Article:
Wednesday, February 12, 2014

All You Have to Do

The farmer has a saying. The saying is, "all you have to do is live long enough."

That is what the farmer said years ago when the bears climbed the fence into the yard.

This is what the farmer said when Wendell, through the sheer force of his personality, frighted the long-legged coyote half to death and sent it pronging in abject terror off into the high grass.

This is what the farmer said when Spenny the border collie got left home alone too long even for her cast-iron constitution and she discreetly slid the shower door open with her nose and went to the bathroom in there, as a courtesy, because that's the kind of dog she is, she lives in horror of causing anyone any trouble, exactly the opposite of a boston terror.

Anyway you can use this expression whenever you see something you never thought you'd see. And in case you are wondering where we are going, the track is long and winding but we don't go off it, so that brings us back to the beginning: people are always asking the farmer how long is the longest a pregnant doe will go before kidding.

Well, the farmer says, it would be pretty unusual to go over 150 days. In fact, it would be pretty unusual to even get to 150. When they go 150, they are almost always first fresheners, that or they are going to have a gigantic single - usually a buck - or both. This puts everyone in a bad mood - first freshener with a gigantic single buck kid, head like a basketball, get your earplugs because we are in for some screaming.

Back when we had Nubians, they would sometimes go 150, or sometimes even a day or two over. In looking through the history books the longest we ever had was a Nubian who went 152, and even that might have been an accounting error. But our LaManchas in general do not go 150, they like Day 147, and Nigerians are about the same, and so whenever someone asks how often a Nigerian will go over 150, the farmer always says, just to save time, "Never."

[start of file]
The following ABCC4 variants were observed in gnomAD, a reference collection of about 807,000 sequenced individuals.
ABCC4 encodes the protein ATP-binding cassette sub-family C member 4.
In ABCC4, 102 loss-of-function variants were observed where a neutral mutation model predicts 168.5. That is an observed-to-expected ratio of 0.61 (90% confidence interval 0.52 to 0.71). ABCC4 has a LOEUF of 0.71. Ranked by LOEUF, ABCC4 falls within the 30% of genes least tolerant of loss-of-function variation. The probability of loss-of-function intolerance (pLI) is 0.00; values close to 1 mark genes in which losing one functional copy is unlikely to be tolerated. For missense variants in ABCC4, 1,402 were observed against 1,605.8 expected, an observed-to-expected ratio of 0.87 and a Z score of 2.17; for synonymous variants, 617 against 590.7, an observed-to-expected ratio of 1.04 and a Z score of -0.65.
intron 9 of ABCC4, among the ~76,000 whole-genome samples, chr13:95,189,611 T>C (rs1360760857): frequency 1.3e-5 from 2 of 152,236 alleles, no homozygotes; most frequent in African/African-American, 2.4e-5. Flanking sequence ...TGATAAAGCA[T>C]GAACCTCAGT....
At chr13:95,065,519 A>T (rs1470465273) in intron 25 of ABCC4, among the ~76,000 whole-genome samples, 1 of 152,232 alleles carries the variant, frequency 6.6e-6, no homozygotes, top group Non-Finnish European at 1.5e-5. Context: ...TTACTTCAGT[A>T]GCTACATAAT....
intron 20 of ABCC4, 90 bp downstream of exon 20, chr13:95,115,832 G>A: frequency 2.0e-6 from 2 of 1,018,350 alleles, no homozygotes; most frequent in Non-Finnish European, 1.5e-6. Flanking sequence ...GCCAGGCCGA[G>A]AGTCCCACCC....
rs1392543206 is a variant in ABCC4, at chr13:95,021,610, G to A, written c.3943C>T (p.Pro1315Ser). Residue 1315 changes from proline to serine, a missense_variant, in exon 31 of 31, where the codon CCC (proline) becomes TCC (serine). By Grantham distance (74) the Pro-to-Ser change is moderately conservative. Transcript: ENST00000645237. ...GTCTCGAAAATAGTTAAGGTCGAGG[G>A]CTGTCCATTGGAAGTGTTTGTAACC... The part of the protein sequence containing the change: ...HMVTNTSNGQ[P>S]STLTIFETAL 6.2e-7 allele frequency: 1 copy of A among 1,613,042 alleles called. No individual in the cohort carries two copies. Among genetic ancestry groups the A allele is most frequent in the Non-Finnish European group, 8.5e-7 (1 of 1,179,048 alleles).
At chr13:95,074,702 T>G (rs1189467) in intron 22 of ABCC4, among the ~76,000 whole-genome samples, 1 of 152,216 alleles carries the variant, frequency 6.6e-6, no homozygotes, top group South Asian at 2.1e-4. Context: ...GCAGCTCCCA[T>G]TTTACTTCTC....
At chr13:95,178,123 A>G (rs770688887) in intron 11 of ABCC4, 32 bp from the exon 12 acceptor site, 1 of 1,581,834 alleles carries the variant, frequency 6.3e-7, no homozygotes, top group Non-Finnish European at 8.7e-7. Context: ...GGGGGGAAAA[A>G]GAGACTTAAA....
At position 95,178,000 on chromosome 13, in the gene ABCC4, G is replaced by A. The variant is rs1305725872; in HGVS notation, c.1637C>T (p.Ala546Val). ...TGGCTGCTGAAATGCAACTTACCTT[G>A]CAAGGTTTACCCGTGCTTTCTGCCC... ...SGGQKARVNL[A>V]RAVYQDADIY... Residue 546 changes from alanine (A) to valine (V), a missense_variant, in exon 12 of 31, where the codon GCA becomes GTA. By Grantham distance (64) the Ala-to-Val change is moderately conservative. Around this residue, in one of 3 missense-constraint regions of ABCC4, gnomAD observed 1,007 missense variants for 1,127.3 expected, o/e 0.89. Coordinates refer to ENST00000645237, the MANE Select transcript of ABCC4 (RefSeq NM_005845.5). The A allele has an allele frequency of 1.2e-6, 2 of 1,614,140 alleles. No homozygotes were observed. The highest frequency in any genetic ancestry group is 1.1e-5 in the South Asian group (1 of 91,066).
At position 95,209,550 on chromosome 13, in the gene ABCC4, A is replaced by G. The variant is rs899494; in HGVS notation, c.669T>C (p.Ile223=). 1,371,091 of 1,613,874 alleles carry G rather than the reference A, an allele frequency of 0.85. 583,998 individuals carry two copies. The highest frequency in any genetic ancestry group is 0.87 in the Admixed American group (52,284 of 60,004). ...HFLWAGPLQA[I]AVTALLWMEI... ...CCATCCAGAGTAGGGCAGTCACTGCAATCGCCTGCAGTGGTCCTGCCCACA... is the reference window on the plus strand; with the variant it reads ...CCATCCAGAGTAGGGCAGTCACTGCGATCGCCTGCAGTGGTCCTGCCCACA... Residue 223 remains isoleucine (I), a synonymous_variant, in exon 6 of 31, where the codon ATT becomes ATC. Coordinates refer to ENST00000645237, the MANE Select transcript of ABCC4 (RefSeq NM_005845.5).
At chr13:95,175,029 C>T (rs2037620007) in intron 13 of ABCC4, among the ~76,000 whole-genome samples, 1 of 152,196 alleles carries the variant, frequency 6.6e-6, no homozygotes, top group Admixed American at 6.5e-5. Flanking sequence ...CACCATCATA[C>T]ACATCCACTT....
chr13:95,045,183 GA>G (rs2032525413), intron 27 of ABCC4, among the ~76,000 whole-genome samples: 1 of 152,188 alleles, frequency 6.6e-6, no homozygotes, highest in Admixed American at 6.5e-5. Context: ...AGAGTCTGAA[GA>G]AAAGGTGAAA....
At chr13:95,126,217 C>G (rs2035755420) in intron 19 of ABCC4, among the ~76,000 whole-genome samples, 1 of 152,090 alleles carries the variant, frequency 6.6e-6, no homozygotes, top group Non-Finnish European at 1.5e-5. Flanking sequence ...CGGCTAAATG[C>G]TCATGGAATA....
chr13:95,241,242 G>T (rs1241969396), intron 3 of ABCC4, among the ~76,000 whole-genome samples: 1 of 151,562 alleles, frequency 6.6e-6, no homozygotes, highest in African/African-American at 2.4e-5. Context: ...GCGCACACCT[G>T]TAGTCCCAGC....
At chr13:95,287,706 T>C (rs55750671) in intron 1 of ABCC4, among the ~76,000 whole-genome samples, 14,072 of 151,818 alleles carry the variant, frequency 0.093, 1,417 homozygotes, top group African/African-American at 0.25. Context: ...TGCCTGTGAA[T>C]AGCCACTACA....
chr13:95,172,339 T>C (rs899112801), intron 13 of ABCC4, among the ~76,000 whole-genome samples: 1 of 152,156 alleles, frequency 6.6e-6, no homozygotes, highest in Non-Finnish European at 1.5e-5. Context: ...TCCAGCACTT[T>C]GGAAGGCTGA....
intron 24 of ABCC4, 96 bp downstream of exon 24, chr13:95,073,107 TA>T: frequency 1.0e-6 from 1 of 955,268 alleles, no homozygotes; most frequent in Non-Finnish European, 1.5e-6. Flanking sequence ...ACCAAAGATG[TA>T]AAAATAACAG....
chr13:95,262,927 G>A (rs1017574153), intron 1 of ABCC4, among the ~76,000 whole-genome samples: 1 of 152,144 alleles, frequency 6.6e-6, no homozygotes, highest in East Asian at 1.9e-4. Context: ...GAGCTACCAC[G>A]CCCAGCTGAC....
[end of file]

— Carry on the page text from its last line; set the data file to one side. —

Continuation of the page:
Anyway Isabel, there are two now, this one is the new Moldy but it's a long story, was pencilled in to kid on Day 148, which would have been February 5th. February 5th came and went, and so did the 6th, and the 7th, and the farmer sighed. "I guess she will have a gigantic single buck kid tomorrow."

The 8th came and went. And the 9th. And then the 10th. The farmer puzzled over the charts: Isabel wasn't bred here, so it wasn't possible that the dates were wrong. And she was kept in isolation when she got here, so it wasn't possible she was bred right after getting here by some mysterious paramour, which has certainly happened before.

But in any case you can't stay on high alert forever, and after the 11th came and went with no sign of kidding, the farmer embraced the abyss and went to bed early, explaining to Sammy that "something else has happened. Something we don't know about."

Sure enough at 1:32 a.m. this morning, well into the forbidden kidding hours, a few muffled not particularly urgent screams, just loud enough to wake the farmer, emanated from the barn.

When the farmer went out, there were two adorable kids, an orange one and one that looks like the world's tiniest, most perfect Togg. Both had slid out with no problem. They were not at all gigantic.

"Well," the farmer said to the Terror, rubbing them dry, "all you have to do is live long enough."

And so now if anyone asks how long a Nigerian doe will go before kidding, the answer is going to be: "155 days. And not a minute more."